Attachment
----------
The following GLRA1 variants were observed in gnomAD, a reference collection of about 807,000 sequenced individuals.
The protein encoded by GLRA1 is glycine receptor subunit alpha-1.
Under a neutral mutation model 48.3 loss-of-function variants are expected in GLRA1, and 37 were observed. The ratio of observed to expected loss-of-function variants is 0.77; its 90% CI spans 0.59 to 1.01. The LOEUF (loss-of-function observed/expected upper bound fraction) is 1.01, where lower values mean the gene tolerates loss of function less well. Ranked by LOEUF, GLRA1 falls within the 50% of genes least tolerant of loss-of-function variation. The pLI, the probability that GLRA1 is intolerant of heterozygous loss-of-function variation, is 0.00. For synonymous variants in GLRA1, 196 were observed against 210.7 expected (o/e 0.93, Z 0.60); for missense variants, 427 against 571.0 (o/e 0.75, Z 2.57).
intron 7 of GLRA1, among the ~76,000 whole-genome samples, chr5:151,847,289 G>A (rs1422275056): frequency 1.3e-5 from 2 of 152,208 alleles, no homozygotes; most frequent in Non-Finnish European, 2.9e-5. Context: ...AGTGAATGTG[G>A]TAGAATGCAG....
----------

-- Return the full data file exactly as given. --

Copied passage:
The following GLRA1 variants were observed in gnomAD, a reference collection of about 807,000 sequenced individuals.
The protein encoded by GLRA1 is glycine receptor subunit alpha-1.
Under a neutral mutation model 48.3 loss-of-function variants are expected in GLRA1, and 37 were observed. The ratio of observed to expected loss-of-function variants is 0.77; its 90% CI spans 0.59 to 1.01. The LOEUF (loss-of-function observed/expected upper bound fraction) is 1.01, where lower values mean the gene tolerates loss of function less well. Ranked by LOEUF, GLRA1 falls within the 50% of genes least tolerant of loss-of-function variation. The pLI, the probability that GLRA1 is intolerant of heterozygous loss-of-function variation, is 0.00. For synonymous variants in GLRA1, 196 were observed against 210.7 expected (o/e 0.93, Z 0.60); for missense variants, 427 against 571.0 (o/e 0.75, Z 2.57).
intron 7 of GLRA1, among the ~76,000 whole-genome samples, chr5:151,847,289 G>A (rs1422275056): frequency 1.3e-5 from 2 of 152,208 alleles, no homozygotes; most frequent in Non-Finnish European, 2.9e-5. Context: ...AGTGAATGTG[G>A]TAGAATGCAG....